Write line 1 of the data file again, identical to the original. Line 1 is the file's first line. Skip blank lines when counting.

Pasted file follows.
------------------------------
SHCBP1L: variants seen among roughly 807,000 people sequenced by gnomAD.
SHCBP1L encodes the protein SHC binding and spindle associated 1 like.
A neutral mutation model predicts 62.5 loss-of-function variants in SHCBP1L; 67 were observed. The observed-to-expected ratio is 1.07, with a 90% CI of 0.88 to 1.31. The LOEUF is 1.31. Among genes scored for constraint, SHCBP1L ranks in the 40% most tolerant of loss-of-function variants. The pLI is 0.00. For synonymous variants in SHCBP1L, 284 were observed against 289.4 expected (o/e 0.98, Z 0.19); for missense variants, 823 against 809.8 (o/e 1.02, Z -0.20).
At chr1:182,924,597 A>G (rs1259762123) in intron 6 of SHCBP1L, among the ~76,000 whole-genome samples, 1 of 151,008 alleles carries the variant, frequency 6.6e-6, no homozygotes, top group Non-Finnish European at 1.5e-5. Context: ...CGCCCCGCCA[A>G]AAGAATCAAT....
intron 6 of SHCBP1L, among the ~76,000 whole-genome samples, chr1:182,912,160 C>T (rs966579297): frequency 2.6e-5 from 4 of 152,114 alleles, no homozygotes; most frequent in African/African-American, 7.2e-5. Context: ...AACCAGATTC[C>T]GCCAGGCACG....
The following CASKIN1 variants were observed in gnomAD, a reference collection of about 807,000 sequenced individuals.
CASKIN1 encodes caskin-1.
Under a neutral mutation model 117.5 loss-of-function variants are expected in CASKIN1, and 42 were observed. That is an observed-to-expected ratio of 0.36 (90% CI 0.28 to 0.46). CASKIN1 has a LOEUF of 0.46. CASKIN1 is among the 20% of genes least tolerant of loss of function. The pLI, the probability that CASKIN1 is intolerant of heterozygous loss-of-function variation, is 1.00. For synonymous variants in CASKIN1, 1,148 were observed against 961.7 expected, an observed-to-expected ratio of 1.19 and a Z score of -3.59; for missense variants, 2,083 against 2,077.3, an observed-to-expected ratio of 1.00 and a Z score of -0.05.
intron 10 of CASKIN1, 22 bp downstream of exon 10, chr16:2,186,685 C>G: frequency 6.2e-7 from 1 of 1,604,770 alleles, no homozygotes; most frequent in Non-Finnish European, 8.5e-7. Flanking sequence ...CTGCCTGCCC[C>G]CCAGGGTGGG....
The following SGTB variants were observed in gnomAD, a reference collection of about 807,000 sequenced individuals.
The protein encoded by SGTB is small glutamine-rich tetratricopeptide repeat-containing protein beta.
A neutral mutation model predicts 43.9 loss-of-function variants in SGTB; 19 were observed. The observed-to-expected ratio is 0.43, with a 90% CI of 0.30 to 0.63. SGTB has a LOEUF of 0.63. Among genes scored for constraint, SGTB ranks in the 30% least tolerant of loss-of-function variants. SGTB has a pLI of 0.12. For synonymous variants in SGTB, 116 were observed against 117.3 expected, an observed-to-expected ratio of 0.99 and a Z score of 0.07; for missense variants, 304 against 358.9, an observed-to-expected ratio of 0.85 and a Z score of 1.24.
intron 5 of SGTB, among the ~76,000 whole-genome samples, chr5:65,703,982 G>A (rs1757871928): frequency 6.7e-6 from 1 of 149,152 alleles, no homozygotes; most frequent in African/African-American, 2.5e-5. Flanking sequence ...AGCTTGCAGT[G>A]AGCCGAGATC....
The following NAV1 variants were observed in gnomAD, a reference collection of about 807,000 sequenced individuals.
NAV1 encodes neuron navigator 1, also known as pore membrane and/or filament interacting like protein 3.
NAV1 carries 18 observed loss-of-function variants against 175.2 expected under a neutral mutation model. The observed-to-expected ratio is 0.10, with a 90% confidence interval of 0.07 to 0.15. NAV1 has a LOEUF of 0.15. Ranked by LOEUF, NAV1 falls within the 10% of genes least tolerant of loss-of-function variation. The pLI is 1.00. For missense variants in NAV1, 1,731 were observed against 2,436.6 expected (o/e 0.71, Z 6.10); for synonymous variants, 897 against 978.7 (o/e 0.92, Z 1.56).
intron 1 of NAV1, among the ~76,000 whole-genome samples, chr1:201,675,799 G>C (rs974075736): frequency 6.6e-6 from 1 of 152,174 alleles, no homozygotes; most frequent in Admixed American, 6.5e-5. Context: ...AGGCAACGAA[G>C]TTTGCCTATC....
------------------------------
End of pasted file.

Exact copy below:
SHCBP1L: variants seen among roughly 807,000 people sequenced by gnomAD.